RAMALLAH, West Bank — Israeli forces conducted a huge raid on the Palestinian city of Jenin in the northern West Bank on Thursday, engaging in a lengthy shootout that left extensive destruction and was one of the deadliest operations in nearly two decades.
The Israeli military described the raid as a “counterterrorism operation” against Islamic Jihad militants involved in attacks against Israelis, which spiked this past spring and led to more than a dozen deaths.
The raid raised fears of expanding violence as Israel struggles to contain a growing insurgency led by young Palestinians in the occupied West Bank. It also comes weeks after Benjamin Netanyahu became Israel’s prime minister once again, heading the most right-wing cabinet in the country’s history, which includes Jewish ultranationalists who have incited violence against Palestinians and called for the annexation of the West Bank.
The Ramallah-based Palestinian Authority said Thursday that it was suspending security coordination with Israel in response to the violence. The authority’s cooperation — which Israel relies on in conducting West Bank raids — is widely despised by Palestinians.
According to the Palestinian Health Ministry in the West Bank, seven of the dead in Jenin were 30 or younger and included an 18-year-old. A civilian man and a 61-year-old woman were also killed in the violence in the densely populated urban refugee camp, Palestinian officials said.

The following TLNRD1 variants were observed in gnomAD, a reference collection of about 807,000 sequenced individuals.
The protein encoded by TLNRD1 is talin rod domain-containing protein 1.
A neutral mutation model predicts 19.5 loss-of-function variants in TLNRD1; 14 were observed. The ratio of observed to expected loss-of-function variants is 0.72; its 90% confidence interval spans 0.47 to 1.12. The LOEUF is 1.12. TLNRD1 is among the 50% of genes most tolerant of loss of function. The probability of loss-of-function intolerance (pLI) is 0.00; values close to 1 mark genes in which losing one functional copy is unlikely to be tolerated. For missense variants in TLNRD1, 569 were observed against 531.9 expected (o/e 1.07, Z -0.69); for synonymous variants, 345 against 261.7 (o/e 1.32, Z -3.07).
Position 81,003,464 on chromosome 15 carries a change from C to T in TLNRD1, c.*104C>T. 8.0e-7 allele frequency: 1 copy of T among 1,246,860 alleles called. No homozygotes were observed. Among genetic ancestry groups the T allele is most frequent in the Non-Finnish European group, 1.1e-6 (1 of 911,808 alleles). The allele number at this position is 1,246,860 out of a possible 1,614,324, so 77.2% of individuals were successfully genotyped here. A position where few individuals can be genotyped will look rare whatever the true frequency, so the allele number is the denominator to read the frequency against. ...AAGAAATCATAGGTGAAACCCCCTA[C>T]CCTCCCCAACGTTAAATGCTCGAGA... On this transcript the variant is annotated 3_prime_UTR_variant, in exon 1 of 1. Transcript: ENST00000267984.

Twenty other people were injured, four seriously, the Health Ministry said on Facebook, noting that most of the injured were hit by live fire in the chest or head.
“The situation in Jenin camp is very critical,” Health Minister Mai al-Kaila said in a separate statement. She accused Israeli forces of preventing ambulances from reaching the injured and “deliberately” firing tear gas at a pediatric ward of a hospital.
The Post could not independently confirm her claims, and Israel had no immediate comment.
The Israeli military said its forces targeted members of Islamic Jihad who were “heavily involved” in planning and carrying out attacks against Israelis, and it accused the militants of opening fire first.
Islamic Jihad said two of its fighters were killed; the militant group Hamas claimed four of the dead. A seventh slain fighter was a member of the al-Aqsa Brigades, which is tied to the Fatah party, according to a local resident, Mohammed Shabi. Fatah controls the West Bank’s Palestinian Authority administration.
Mahmoud Abbas, the authority’s embattled and aging president, described the events as a “massacre” and announced three days of mourning.
As Abbas’s influence has faded and Israeli raids in the West Bank have intensified, members of the three main Palestinian armed groups have been forming new alliances, especially in Jenin.
The head of Islamic Jihad, Ziyad al-Nakhala, said in a statement that the raid “would not stop the resistance.” The deputy head of Hamas’s political wing called on Palestinian fighters to seek revenge. Both groups have called for Israel’s destruction.
A statement from Netanyahu’s office on Thursday said that Israel “is not looking to escalate” but would “prepare for any scenario.”
Israel and Islamic Jihad fought a brief battle of rocket attacks and airstrikes in Gaza this summer that killed 44 Palestinians, including 15 children. Hamas controls the Gaza Strip, which is under an Israeli-led blockade.